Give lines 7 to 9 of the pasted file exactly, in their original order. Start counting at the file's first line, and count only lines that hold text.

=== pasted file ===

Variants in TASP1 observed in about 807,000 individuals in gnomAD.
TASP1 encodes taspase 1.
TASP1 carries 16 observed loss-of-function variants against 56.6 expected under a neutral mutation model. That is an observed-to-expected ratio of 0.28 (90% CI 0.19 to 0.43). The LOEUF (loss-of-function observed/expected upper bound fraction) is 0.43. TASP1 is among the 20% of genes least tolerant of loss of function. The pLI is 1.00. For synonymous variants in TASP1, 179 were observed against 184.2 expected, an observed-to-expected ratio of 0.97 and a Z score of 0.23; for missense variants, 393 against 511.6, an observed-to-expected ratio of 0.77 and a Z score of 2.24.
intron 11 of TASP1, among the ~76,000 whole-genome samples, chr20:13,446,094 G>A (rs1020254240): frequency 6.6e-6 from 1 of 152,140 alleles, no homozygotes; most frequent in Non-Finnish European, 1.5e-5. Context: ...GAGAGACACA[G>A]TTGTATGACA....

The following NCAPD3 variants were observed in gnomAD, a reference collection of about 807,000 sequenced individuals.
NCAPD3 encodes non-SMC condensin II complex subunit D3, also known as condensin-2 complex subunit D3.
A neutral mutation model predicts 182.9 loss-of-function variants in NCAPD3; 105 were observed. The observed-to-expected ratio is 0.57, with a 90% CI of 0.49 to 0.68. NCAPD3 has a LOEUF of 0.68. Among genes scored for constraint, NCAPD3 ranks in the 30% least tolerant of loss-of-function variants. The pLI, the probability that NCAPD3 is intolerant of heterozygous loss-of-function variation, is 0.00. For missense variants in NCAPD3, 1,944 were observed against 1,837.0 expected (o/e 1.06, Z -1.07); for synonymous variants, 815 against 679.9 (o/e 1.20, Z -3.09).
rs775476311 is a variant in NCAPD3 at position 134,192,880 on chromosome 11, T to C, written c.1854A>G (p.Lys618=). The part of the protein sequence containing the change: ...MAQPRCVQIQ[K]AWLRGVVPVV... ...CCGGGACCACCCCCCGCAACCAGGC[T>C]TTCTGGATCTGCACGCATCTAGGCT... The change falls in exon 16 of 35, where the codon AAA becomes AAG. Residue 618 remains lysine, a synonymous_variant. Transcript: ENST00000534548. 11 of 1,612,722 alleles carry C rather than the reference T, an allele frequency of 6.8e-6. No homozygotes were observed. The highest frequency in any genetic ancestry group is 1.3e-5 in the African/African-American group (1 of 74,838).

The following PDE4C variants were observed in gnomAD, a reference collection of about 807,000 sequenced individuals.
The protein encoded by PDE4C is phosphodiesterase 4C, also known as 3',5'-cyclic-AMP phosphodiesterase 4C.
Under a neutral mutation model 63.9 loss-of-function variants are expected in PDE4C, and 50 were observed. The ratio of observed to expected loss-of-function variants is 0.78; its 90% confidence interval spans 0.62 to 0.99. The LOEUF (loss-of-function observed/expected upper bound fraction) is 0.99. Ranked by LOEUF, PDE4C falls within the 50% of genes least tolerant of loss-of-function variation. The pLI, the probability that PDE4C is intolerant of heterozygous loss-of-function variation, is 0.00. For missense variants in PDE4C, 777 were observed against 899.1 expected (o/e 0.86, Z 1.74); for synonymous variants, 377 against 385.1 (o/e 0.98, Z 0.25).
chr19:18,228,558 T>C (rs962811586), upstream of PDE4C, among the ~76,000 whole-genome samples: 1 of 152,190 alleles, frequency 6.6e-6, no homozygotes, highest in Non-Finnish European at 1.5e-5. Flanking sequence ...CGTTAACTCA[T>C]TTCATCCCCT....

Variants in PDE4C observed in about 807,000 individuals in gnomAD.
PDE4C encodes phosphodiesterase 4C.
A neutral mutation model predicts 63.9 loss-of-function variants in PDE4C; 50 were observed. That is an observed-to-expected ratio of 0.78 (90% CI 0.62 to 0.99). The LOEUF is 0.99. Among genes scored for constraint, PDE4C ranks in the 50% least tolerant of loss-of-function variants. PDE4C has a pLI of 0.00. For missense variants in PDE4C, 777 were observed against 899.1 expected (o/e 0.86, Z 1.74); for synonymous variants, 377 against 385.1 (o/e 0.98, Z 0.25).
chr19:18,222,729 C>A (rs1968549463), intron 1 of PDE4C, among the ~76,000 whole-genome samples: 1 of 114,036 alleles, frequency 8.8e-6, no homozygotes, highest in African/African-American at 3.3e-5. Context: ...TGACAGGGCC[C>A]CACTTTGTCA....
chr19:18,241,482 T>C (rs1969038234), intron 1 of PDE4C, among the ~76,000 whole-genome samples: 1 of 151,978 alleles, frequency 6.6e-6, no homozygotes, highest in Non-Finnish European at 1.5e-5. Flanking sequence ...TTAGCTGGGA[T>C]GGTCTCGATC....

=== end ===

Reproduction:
A neutral mutation model predicts 182.9 loss-of-function variants in NCAPD3; 105 were observed. The observed-to-expected ratio is 0.57, with a 90% CI of 0.49 to 0.68. NCAPD3 has a LOEUF of 0.68. Among genes scored for constraint, NCAPD3 ranks in the 30% least tolerant of loss-of-function variants. The pLI, the probability that NCAPD3 is intolerant of heterozygous loss-of-function variation, is 0.00. For missense variants in NCAPD3, 1,944 were observed against 1,837.0 expected (o/e 1.06, Z -1.07); for synonymous variants, 815 against 679.9 (o/e 1.20, Z -3.09).
rs775476311 is a variant in NCAPD3 at position 134,192,880 on chromosome 11, T to C, written c.1854A>G (p.Lys618=). The part of the protein sequence containing the change: ...MAQPRCVQIQ[K]AWLRGVVPVV... ...CCGGGACCACCCCCCGCAACCAGGC[T>C]TTCTGGATCTGCACGCATCTAGGCT... The change falls in exon 16 of 35, where the codon AAA becomes AAG. Residue 618 remains lysine, a synonymous_variant. Transcript: ENST00000534548. 11 of 1,612,722 alleles carry C rather than the reference T, an allele frequency of 6.8e-6. No homozygotes were observed. The highest frequency in any genetic ancestry group is 1.3e-5 in the African/African-American group (1 of 74,838).

The following PDE4C variants were observed in gnomAD, a reference collection of about 807,000 sequenced individuals.